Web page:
Cardiff University | Prifysgol Caerdydd ORCA
Online Research @ Cardiff 
WelshClear Cookie - decide language by browser settings

Dynamics of demographic expansion and population structure in the otter (Lutra lutra)

Thomas, Nia 2021. Dynamics of demographic expansion and population structure in the otter (Lutra lutra). PhD Thesis, Cardiff University.
Item availability restricted.

[thumbnail of PhDThesis]
PDF (PhDThesis) - Accepted Post-Print Version
Download (5MB) | Preview
[thumbnail of Publication form] PDF (Publication form) - Supplemental Material
Restricted to Repository staff only

Download (142kB)


Genetic diversity is considered one of the three main pillars of biodiversity, yet to date conservation policy has largely overlooked monitoring and protecting it in favour of species and ecosystem-based targets. Populations may experience considerable genetic erosion without extinction, and this loss can take considerably longer to recover from than population size alone. Low genetic diversity can have detrimental effects on the evolutionary potential of species and the viability of populations, yet population recovery at the genetic level remains poorly understood in the wild. In this thesis, I use large scale spatio-temporal sampling to explore the recovery of the otter population across the UK at a genetic level, after a well-documented decline in the latter half of the 20th century. Successive national surveys have documented increased occupancy rates, from small fragmented stronghold areas to a near continuous distribution in the 21st century. Firstly, I show that despite increased gene flow between sub-populations over the last 20 years, significant population structure persists, and intra-regional genetic diversity has not increased. Secondly, I use a landscape genetics approach, finding that favourable habitat is the most significant environmental factor affecting functional connectivity of otters across the Wales and Borders region, with implications for conservation management. Thirdly, I show that despite a near contiguous distribution and assumed population recovery, effective population sizes remain significantly below those required for long-term population viability in regional otter populations, and in some cases even raise concerns over short-term viability. This thesis serves as an important demonstration of the practical value of genetic data, even for populations where a significant (non-genetic) monitoring program has existed for several decades. The differing conclusions regarding population status, when based on genetic data rather than occupancy data, highlight the inherent dangers in assuming that spatial connectivity is an indicator of genetic connectivity.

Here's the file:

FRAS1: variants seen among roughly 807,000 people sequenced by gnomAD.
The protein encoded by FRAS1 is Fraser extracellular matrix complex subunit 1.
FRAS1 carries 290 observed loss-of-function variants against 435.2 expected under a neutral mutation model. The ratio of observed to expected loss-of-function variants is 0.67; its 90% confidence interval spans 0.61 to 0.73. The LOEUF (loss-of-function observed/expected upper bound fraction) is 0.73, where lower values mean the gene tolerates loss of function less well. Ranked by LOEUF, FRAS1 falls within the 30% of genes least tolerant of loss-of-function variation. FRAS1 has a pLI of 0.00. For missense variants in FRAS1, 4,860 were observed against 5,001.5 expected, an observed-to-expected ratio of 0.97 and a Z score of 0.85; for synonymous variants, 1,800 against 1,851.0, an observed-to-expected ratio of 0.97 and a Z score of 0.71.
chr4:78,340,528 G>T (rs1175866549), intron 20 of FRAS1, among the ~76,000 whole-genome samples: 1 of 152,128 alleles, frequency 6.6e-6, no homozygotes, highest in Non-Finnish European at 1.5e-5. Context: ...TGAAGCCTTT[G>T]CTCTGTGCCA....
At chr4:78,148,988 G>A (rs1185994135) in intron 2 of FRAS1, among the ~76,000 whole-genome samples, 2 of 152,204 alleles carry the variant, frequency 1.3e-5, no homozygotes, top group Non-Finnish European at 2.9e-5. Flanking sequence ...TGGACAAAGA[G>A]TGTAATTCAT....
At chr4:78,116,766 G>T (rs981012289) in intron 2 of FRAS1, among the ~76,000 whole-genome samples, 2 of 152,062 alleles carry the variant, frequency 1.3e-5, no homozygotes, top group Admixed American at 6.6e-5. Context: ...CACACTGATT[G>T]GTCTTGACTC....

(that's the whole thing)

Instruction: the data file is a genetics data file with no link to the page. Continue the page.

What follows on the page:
Item Type: Thesis (PhD)
Date Type: Completion
Status: Unpublished
Schools: Biosciences
Date of First Compliant Deposit: 31 January 2022
Date of Acceptance: 31 January 2022
Last Modified: 15 Feb 2022 13:48

Actions (repository staff only)

Edit Item Edit Item


Downloads per month over past year

View more statistics